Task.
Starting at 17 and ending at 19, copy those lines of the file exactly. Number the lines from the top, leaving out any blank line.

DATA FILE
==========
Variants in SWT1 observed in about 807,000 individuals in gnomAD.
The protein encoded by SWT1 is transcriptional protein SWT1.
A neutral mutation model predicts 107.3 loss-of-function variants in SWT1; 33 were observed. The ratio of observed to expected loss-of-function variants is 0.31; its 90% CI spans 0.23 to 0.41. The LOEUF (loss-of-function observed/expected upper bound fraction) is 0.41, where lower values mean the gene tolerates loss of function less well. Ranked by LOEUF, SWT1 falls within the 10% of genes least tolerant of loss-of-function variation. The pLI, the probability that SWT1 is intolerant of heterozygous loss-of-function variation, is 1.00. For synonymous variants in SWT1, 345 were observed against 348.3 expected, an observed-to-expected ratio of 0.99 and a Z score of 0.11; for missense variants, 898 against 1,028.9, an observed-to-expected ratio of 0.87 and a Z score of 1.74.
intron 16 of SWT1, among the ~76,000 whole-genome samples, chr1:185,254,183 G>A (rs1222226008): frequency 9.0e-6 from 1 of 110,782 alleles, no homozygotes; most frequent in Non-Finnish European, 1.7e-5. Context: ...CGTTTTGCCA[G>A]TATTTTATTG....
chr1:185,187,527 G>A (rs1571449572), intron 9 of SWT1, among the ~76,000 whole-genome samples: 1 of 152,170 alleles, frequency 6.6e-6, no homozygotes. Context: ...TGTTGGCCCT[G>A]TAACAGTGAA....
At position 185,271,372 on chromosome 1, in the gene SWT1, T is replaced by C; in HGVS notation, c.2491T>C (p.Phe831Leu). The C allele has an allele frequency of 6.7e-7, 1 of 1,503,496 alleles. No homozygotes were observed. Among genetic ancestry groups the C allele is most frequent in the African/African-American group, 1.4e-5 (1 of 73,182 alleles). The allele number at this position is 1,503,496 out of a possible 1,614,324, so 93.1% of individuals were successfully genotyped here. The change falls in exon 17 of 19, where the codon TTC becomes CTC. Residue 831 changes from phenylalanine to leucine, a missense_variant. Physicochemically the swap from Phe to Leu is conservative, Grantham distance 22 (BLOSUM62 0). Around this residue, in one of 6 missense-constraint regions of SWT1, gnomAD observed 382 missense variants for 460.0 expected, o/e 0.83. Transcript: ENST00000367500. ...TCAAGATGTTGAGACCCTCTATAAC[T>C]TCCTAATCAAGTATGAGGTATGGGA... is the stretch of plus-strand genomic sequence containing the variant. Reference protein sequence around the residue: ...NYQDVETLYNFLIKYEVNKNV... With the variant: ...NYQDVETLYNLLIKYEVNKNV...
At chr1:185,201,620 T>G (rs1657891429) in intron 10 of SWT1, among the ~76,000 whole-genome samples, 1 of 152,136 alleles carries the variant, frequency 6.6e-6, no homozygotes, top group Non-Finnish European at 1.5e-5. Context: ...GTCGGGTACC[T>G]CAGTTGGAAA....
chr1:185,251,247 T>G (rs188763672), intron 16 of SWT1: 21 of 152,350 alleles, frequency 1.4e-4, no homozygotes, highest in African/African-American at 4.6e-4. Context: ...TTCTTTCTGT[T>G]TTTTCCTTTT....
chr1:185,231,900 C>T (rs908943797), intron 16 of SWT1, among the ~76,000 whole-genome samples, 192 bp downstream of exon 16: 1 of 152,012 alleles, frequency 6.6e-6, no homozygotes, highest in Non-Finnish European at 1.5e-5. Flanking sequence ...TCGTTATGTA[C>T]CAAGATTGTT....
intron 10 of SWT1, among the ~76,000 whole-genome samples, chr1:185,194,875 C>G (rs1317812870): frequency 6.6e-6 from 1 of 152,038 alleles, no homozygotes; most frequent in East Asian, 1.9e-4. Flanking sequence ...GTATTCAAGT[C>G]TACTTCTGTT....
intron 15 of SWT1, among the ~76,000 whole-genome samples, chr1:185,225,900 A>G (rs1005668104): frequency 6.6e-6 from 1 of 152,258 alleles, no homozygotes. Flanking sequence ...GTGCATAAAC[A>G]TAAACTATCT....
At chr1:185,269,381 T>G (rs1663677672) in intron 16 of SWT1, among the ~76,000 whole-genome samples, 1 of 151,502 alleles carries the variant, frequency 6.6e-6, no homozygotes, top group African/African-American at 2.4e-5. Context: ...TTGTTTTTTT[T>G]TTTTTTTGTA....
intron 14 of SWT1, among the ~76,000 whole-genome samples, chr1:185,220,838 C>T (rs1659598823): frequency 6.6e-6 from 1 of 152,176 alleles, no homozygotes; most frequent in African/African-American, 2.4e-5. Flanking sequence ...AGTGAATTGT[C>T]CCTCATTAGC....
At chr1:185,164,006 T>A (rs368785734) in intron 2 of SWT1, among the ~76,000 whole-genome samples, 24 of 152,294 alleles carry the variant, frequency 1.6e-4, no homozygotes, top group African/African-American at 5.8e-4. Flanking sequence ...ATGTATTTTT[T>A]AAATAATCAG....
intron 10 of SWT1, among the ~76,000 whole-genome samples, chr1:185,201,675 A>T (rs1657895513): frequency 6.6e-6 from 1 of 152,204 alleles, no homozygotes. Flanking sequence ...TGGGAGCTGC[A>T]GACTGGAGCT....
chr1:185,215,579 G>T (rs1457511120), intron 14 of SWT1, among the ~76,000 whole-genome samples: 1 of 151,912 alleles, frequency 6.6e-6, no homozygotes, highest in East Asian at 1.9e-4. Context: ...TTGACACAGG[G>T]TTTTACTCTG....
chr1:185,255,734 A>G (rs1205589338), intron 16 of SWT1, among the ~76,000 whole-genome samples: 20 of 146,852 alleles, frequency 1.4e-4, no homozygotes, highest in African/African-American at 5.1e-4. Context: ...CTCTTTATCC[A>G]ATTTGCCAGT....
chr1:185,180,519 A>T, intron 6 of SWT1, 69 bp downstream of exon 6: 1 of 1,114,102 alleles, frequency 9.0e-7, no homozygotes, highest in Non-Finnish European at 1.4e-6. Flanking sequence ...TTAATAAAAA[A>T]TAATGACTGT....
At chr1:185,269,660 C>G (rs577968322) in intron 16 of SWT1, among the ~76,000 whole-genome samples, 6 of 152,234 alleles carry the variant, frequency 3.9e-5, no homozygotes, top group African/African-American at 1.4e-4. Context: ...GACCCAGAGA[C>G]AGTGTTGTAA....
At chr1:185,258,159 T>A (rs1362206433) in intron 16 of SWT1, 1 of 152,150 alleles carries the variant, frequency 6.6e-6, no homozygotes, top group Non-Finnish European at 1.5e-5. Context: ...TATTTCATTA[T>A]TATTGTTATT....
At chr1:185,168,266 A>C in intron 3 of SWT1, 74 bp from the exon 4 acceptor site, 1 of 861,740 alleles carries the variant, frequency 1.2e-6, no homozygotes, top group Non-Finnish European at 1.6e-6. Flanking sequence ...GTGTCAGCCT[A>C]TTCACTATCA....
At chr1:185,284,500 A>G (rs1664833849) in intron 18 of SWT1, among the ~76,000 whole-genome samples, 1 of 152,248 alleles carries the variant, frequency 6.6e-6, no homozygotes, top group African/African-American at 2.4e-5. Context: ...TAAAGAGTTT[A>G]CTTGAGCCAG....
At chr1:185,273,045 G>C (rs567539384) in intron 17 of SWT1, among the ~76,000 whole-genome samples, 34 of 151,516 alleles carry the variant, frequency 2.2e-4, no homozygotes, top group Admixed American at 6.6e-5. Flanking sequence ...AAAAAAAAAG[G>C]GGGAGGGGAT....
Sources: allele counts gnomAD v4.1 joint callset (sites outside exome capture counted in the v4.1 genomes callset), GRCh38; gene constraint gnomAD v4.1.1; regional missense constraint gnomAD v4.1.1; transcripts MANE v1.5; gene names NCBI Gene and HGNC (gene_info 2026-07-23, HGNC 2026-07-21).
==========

chr1:185,255,734 A>G (rs1205589338), intron 16 of SWT1, among the ~76,000 whole-genome samples: 20 of 146,852 alleles, frequency 1.4e-4, no homozygotes, highest in African/African-American at 5.1e-4. Context: ...CTCTTTATCC[A>G]ATTTGCCAGT....
chr1:185,180,519 A>T, intron 6 of SWT1, 69 bp downstream of exon 6: 1 of 1,114,102 alleles, frequency 9.0e-7, no homozygotes, highest in Non-Finnish European at 1.4e-6. Flanking sequence ...TTAATAAAAA[A>T]TAATGACTGT....
At chr1:185,269,660 C>G (rs577968322) in intron 16 of SWT1, among the ~76,000 whole-genome samples, 6 of 152,234 alleles carry the variant, frequency 3.9e-5, no homozygotes, top group African/African-American at 1.4e-4. Context: ...GACCCAGAGA[C>G]AGTGTTGTAA....